The Works of Dr. Jonathan Swift, Dean of St. Patrick's, Dublin

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by Jonathan Swift

The Works of Dr. Jonathan Swift

Title page from The Works of Dr. Jonathan Swift, volume one, George Wythe Collection, Wolf Law Library, College of William & Mary.

Author Jonathan Swift
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Translator {{{trans}}}
Published Edinburgh: Printed for A. Donaldson and sold at his shop in London, and at Edinburgh
Date 1768
Edition {{{edition}}}
Language English
Volumes 13 volume set
Pages {{{pages}}}
Desc. 12mo (18 cm.)
Location Shelf N-2
  [[Shelf {{{shelf2}}}]]
Bookplate of William Thirlwall Bayne, front pastedown, volume one.

Jonathan Swift (1667-1745) rose out of a disadvantaged upbringing in Ireland to a position of intellectual superiority.[1] In 1696 he published his first book, A Tale of the Tub, under the patronage of Sir William Temple.[2] Swift continued to write poetry and critical essays, and rose in both Irish and English intellectual circles until his defense of the Oxford–Bolingbroke ministry caused his exile from England and permanent return to Ireland in 1714.[3]

After his return to Ireland, Swift rebelled against colonialism and began to write about politics and social injustice. During this time he wrote numerous essays about the abysmal conditions of the overpopulating poor and A Modest Proposal, which criticizes abusive church practices. In this famous satire, Swift suggested the wealthy should eat the children of the poor to solve social problems.

Swift is best known for his satire Gulliver’s Travels (1726), where he displays his liberal attitude, idealism, and belief in social reform governed by reason and justice. Instead of commenting on individuals or contemporary social movements, Swift imaginatively discusses the flaws of human nature and general concepts of morality.[4]

Evidence for Inclusion in Wythe's Library

Listed in the Jefferson Inventory of Wythe's Library as "Swift’s works. 13.v. 12mo." This was one of the titles kept by Thomas Jefferson. Jefferson sold a set of Swift's works to the Library of Congress in 1815, but the volumes soon went missing or were never received. Nothing indicates an edition or Wythe's prior ownership.[5] Both George Wythe's Library[6] on LibraryThing and the Brown Bibliography[7] include the 1768 London edition of The Works of Dr. Jonathan Swift. LibraryThing adds "A reissue of this work was published in 1774, but Wythe's copy was almost certainly an original issue." The Wolf Law Library followed the recommendations of Brown and LibraryThing and purchased a copy of the 1768 edition for the George Wythe Collection.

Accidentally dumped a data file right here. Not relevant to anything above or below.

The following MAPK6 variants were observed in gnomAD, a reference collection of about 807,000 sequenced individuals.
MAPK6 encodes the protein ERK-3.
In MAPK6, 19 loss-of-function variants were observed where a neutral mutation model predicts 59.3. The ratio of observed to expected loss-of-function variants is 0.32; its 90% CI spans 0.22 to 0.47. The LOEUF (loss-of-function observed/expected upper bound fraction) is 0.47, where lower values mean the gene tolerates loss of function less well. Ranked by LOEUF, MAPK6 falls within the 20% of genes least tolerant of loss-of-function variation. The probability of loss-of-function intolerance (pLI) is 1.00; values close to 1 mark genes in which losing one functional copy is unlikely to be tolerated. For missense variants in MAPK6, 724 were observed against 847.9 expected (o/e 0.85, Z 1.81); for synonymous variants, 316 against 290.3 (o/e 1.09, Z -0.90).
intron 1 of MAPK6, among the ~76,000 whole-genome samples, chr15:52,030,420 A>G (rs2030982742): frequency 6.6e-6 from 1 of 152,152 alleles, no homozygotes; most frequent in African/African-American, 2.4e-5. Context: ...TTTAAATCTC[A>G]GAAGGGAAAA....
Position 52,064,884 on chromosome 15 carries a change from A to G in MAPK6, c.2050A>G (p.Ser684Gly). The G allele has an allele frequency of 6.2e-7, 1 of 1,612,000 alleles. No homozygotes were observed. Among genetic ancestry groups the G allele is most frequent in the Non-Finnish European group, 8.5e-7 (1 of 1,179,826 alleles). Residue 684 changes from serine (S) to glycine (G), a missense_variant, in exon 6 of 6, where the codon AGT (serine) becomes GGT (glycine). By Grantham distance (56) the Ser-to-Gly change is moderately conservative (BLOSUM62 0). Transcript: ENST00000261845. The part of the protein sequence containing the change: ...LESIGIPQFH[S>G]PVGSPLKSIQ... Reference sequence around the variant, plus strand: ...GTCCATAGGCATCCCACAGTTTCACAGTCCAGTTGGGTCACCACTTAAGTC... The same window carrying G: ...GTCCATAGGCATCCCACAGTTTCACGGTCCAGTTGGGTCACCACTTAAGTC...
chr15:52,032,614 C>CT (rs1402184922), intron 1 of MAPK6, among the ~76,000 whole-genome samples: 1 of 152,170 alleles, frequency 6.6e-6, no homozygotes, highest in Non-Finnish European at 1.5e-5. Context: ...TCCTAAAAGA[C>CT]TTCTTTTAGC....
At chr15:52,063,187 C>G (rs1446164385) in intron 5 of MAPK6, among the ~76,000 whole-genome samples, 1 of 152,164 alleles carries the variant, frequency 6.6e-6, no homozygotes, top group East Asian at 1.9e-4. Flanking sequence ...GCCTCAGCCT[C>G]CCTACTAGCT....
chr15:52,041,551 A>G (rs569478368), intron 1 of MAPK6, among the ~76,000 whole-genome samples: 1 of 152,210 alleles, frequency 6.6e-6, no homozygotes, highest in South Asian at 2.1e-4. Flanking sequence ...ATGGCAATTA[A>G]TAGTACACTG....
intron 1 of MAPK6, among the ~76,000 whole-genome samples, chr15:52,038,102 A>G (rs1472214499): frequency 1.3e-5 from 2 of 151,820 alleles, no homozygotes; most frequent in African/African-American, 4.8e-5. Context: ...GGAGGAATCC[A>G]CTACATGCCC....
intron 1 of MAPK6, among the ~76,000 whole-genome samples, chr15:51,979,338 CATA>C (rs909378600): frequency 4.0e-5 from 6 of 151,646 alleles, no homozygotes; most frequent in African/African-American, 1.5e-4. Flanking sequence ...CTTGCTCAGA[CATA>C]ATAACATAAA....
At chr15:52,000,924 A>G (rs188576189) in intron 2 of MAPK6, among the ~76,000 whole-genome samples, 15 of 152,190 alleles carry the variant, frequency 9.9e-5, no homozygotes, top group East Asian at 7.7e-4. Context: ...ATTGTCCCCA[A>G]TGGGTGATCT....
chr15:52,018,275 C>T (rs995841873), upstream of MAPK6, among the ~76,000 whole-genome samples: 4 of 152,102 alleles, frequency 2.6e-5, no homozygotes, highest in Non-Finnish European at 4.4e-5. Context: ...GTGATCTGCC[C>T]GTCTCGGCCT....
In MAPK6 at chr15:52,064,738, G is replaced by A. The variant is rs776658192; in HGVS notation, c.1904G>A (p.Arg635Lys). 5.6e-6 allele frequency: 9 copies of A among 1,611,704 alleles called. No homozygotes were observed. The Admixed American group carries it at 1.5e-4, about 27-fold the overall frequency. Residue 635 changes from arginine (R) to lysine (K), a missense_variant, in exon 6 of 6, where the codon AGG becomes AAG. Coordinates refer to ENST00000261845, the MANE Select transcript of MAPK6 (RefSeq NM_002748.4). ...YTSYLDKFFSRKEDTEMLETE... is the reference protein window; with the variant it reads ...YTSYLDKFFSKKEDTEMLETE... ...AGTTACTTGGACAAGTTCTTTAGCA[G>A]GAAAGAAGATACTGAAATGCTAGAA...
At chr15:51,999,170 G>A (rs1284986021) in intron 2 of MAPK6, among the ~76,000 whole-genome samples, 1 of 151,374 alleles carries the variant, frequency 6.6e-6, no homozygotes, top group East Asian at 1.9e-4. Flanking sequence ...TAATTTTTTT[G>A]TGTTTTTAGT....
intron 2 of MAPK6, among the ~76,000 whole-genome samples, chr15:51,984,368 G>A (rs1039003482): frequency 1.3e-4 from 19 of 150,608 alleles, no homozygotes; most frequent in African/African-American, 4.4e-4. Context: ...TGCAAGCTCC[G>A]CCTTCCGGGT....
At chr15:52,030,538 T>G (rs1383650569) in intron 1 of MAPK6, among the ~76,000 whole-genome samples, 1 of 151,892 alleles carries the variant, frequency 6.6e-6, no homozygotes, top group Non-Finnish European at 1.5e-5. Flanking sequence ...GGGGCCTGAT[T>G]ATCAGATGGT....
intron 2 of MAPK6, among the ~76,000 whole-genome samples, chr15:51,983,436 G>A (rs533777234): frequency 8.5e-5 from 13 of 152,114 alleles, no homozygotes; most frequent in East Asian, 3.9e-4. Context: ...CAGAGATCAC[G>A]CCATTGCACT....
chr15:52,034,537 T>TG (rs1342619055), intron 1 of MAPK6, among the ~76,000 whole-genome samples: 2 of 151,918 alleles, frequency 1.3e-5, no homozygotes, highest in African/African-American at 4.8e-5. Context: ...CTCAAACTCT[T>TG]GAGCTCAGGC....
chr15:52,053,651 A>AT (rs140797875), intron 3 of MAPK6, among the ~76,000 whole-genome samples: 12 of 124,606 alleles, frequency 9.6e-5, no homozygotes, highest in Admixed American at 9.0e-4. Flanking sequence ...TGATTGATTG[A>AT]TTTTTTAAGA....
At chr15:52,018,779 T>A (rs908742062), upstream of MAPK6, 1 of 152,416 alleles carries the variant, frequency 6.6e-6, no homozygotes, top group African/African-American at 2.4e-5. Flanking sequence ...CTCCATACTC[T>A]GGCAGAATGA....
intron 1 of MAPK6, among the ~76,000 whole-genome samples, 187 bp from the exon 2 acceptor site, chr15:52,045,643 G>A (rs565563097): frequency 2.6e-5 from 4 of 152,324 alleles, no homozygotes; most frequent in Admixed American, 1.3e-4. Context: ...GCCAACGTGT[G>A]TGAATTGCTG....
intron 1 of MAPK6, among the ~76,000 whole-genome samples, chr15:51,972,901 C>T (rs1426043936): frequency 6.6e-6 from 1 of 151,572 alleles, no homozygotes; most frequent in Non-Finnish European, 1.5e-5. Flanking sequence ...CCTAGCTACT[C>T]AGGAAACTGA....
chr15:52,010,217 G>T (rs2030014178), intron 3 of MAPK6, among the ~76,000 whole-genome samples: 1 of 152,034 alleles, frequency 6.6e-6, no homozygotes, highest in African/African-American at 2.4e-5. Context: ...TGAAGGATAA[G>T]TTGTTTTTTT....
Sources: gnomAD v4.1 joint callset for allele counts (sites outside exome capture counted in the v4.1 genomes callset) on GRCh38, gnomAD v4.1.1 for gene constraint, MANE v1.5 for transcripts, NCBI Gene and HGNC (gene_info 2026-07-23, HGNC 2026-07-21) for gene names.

Prior owner's signature, front pastedown, volume four.

Description of the Wolf Law Library's copy

Bound in contemporary full brown calf, spines decoratively tooled in gilt in compartments in a floral design, dark brown gilt morocco lettering labels and five raised bands (all ruled in gilt). Includes signature of "K. W. Greathead" and the bookplate of William Thirlwall Bayne with the motto "Fiducia" (Trust) on the front pastedown of each volume except volume two. Purchased from Dragon Books.

Images of the library's copy of this book are available on Flickr. View the record for this book in William & Mary's online catalog.

See also


  1. Harry T. Baker, “Jonathan Swift,” The Sewanee Review, 34:1 (1926), pp. 1-11.
  2. L.M. Harris, “Jonathan Swift,” The Sewanee Review, 3:2 (1895), pp. 231-248.
  3. Clive Probyn, “Swift, Jonathan (1667–1745)”, Oxford Dictionary of National Biography (Oxford University Press, 2004), accessed October 10, 2013. All biographical information is from this source unless otherwise noted.
  4. Baker, pp. 3-4.
  5. E. Millicent Sowerby, Catalogue of the Library of Thomas Jefferson, 2nd ed. (Charlottesville: University Press of Virginia, 1983), 4:522 [no number].
  6. LibraryThing, s. v. "Member: George Wythe", accessed on February 24, 2014.
  7. Bennie Brown, "The Library of George Wythe of Williamsburg and Richmond," (unpublished manuscript, May, 2012) Microsoft Word file. Earlier edition available at:

External links